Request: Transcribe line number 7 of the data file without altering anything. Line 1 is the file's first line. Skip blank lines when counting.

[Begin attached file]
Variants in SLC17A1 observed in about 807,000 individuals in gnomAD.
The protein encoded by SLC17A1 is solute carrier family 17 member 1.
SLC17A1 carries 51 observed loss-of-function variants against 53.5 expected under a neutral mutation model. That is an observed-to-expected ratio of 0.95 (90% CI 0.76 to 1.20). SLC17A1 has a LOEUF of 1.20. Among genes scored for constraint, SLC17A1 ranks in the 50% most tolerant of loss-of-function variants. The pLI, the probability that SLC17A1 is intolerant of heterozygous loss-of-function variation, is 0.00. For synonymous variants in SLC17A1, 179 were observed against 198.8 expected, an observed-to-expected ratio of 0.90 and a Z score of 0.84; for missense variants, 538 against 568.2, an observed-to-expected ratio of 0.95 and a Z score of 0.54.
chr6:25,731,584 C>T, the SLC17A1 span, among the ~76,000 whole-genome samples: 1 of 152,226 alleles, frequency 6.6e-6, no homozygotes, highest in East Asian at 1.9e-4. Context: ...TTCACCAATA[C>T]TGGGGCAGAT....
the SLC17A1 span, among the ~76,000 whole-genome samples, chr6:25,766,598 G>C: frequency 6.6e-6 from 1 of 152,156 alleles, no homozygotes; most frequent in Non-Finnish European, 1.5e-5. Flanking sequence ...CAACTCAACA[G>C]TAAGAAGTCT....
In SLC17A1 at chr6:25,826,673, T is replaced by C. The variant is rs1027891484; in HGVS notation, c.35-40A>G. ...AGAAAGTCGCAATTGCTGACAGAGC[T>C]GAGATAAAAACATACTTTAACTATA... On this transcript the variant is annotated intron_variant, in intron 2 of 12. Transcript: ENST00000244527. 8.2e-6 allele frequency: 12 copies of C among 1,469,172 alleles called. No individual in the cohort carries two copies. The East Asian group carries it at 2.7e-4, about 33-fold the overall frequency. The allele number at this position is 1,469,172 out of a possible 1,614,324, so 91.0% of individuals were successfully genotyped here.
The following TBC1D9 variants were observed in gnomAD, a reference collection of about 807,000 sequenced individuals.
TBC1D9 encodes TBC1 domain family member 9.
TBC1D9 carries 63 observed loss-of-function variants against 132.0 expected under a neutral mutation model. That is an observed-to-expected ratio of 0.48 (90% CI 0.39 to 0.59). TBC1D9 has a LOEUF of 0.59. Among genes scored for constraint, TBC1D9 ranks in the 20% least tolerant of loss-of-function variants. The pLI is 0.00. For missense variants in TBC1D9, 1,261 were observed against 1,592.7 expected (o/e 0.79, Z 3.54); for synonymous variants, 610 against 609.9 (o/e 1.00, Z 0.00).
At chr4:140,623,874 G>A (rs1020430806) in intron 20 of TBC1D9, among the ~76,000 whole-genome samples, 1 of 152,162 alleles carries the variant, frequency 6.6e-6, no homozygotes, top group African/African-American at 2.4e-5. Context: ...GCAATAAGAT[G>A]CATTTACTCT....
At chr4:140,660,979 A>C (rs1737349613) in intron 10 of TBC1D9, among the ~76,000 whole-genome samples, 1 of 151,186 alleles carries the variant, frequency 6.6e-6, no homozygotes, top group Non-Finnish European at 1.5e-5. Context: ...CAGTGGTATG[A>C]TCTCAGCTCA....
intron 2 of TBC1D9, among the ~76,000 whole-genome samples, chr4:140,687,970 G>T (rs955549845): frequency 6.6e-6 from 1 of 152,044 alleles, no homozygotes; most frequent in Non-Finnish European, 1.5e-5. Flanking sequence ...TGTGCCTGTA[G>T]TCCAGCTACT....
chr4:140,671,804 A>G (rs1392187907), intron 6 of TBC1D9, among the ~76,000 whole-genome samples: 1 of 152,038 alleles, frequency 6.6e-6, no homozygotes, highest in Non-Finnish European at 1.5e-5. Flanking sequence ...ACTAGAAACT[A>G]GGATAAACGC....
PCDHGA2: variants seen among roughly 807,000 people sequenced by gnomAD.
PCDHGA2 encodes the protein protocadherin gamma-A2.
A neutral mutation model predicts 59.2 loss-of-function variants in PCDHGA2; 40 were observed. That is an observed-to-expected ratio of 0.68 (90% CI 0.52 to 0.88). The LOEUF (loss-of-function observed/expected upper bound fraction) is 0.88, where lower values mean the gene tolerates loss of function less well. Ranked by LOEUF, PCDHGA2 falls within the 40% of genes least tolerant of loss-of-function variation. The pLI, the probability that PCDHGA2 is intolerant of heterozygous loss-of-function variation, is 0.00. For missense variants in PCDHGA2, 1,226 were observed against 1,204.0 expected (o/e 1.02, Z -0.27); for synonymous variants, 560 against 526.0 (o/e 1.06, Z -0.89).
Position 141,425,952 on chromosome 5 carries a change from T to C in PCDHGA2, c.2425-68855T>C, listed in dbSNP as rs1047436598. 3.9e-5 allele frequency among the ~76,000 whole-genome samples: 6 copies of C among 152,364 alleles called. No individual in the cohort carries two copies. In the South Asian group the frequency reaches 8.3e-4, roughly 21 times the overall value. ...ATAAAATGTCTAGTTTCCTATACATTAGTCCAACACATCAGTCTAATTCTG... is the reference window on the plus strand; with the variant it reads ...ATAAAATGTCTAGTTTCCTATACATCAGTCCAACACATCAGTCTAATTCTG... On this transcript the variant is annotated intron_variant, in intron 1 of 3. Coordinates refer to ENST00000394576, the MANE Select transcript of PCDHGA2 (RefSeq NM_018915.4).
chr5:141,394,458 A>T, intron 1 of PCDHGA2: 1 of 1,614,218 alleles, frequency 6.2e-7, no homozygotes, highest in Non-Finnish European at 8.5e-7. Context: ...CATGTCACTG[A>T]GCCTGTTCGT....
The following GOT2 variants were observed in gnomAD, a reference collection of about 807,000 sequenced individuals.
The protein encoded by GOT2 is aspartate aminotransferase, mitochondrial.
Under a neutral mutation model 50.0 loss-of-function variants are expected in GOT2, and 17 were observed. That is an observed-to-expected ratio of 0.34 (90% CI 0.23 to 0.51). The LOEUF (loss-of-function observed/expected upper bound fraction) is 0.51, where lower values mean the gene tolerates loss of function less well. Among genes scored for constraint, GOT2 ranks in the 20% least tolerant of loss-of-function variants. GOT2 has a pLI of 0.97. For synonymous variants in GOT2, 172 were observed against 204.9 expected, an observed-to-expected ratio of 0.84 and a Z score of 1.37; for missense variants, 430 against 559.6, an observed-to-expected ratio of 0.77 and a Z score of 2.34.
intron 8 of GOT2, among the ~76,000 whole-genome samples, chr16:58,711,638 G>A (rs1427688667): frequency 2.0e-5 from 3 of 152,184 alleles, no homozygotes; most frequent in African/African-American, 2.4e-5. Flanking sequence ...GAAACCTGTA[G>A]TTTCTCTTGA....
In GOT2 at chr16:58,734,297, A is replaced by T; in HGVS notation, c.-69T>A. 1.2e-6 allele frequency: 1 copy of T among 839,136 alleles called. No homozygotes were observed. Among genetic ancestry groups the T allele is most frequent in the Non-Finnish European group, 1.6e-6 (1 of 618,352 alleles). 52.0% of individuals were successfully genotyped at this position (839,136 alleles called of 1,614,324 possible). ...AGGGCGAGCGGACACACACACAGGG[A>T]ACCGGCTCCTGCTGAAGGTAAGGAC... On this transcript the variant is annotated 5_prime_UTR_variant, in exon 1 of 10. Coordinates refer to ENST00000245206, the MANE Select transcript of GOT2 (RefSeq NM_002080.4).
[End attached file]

The following TBC1D9 variants were observed in gnomAD, a reference collection of about 807,000 sequenced individuals.